This essay was written on November 2, 2005, the 40th anniversary of the martyrdom of Norman Morrison. Although, according to many, consciousness of the Vietnam war in America in 1965 was still very limited, a marked escalation was in progress, and news stories were already reporting U.S. napalm raids in “the land of the burning children.” Morrison, a longtime Quaker activist, on the day of his action, sitting on a wooden stool, had calmly asked his wife during lunch “What more can we do?” Later that afternoon, Morrison sat down cross-legged at the Pentagon, and, releasing his daughter Emily at the last moment, set himself on fire. He was almost directly under the front window of Secretary of Defense Robert McNamara. The next day his wife received in the mail Morrison's goodbye note:
Please don’t condemn me. . . . For weeks, even months, I have been praying only that I be shown what I must do. This morning with no warning I was shown, as clearly as I was shown that Friday night in August 1955 that you would be my wife . . . at least I shall not plan to go without my child, as Abraham did. Know that I love thee but must act for the children in the priest’s village.
A November 1 newspaper article titled “A Priest Tells How Our Bombers Razed His Church and Killed His People” had moved Morrison. That year nearly another dozen Americans followed his example, and of the Buddhist monks in Vietnam who had earlier protested the Diem regime with their flaming bodies.
In an era where the “state of exception” wields such seemingly absolute power, from monopoly of weapons of mass destruction, dramatized especially by the nuclear option, to the shaping of society and media apparently detached from any accountability or responsibility, it can be forgotten that even such power needs its subjects. Morrison's extreme suicidal gesture robbed the American state of its power over life and death, asserting the autonomy of the body through its freely chosen destruction. In that, it shares a continuum with its opposite polarity of the suicide bomber.(28) Even if it has an ancient pedigree (Israeli sociologist Baruch Kimmerling describes the story of Samson pulling down the temple as a similar impulse), this similarly extreme move appears the new weapon of choice from Sri Lanka to Palestine, from Chechnya to New York, Barcelona, and London. Often a response to a hopeless asymmetry in military power, the suicide bomber likewise through terrorist sacrifice eliminates the state's absolute decision it has claimed over death.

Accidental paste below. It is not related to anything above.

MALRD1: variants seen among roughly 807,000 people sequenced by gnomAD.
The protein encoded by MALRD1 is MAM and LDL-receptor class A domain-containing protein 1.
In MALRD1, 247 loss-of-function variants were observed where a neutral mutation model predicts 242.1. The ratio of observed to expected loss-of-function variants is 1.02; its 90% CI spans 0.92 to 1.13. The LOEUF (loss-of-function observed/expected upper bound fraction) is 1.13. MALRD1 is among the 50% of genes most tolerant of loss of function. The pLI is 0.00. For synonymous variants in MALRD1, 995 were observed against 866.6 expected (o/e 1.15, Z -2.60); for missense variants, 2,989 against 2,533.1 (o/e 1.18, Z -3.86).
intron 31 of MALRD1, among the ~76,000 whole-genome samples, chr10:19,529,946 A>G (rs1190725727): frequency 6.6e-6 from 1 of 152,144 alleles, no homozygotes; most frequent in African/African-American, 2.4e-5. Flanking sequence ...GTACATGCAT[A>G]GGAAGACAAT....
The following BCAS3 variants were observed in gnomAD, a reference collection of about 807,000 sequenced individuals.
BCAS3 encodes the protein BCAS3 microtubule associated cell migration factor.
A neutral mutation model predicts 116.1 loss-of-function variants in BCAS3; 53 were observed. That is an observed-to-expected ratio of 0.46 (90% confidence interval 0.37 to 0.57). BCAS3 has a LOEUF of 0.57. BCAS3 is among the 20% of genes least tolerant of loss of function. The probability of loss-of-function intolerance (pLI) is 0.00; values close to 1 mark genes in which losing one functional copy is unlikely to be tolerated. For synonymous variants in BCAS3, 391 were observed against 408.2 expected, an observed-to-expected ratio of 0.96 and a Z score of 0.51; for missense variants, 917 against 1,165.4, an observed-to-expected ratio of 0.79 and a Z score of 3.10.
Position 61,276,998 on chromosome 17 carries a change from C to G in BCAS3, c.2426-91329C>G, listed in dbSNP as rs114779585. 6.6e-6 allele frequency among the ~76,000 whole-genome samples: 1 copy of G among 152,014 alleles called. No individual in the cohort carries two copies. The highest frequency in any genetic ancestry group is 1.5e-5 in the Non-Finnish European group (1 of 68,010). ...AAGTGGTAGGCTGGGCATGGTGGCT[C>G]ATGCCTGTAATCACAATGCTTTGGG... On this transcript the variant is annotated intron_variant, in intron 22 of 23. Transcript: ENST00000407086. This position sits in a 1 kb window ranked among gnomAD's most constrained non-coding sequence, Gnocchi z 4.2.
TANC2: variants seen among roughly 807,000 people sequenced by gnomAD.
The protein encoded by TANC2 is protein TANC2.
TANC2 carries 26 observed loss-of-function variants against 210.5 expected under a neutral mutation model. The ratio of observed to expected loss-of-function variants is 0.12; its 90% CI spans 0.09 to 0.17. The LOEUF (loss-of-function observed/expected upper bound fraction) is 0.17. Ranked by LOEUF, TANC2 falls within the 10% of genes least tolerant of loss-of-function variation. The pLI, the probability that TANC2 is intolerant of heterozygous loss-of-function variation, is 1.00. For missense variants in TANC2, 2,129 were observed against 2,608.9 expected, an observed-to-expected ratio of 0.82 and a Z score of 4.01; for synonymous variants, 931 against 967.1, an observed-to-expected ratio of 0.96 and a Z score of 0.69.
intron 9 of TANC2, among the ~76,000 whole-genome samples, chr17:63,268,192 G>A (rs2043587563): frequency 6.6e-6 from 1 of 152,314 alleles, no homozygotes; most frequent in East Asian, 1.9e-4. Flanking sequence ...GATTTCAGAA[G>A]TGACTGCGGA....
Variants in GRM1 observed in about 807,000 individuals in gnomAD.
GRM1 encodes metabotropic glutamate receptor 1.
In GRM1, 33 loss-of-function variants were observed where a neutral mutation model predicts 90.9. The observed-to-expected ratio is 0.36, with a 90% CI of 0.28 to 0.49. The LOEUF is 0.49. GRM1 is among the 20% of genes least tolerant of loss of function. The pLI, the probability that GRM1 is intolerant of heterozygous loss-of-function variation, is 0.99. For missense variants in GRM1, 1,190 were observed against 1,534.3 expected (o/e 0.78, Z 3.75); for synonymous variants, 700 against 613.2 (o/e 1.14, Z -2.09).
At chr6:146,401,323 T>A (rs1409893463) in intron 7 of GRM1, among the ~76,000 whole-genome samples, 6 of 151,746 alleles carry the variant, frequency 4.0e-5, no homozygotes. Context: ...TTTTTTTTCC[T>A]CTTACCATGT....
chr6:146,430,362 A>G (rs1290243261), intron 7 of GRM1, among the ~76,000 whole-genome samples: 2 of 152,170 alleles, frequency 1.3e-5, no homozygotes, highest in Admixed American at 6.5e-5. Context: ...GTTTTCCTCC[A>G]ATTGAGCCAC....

Yet there is another martyrdom option, tantalizingly raised but not really delineated in the grand synthetic work of Michael Hardt and Antonio Negri's Multitude, and that is “the republican martyr . . . from the heroes of Plutarch to Martin Luther,” the martyr “as a kind of testimony—testimony not so much to the injustices of power but to the possibility of a new world, an alternative not only to that specific destructive power but to every such power.”(29) In this tentative, the martyr is indeed struck down by the “violence of the powerful,” but that is not his or her project. It would be absurd to seek such a fate, rather it is “only a by-product of real political action and the reactions of sovereignty against it.”(30) We realize that acting in concert, realizing the commons, in this most gregarious and compulsively communicating of societies, is often a crime. It is tempting to see the recent reconsideration of a figure like John Brown carried out in David S. Reynolds's study,(31) quite apart from the portraits of the “fanatic” we are used to in Stephen B. Oates, Robert Boyer, or even Russell Banks, as an attempt to rethink or reimagine such martyrdom. Hardt and Negri evoke the specter of Lysistrata and the “biopolitical strike,” claiming “A one-week biopolitical strike would block any war.”(32) There are numerous ways to jam the gears, beyond the older dialectics of nonviolence and violence. As activist Mario Savo exclaimed at the beginning of another era of often complete and unavoidable risk over 40 years ago, we must invent new ways and means of throwing “your bodies upon the gears and upon the wheels, upon the levers, upon all the apparatus. . . . And you've got to indicate to the people who run it, to the people who own it, that unless you're free, the machine will be prevented from working at all!” In short, there are plentiful ways to become indispensable.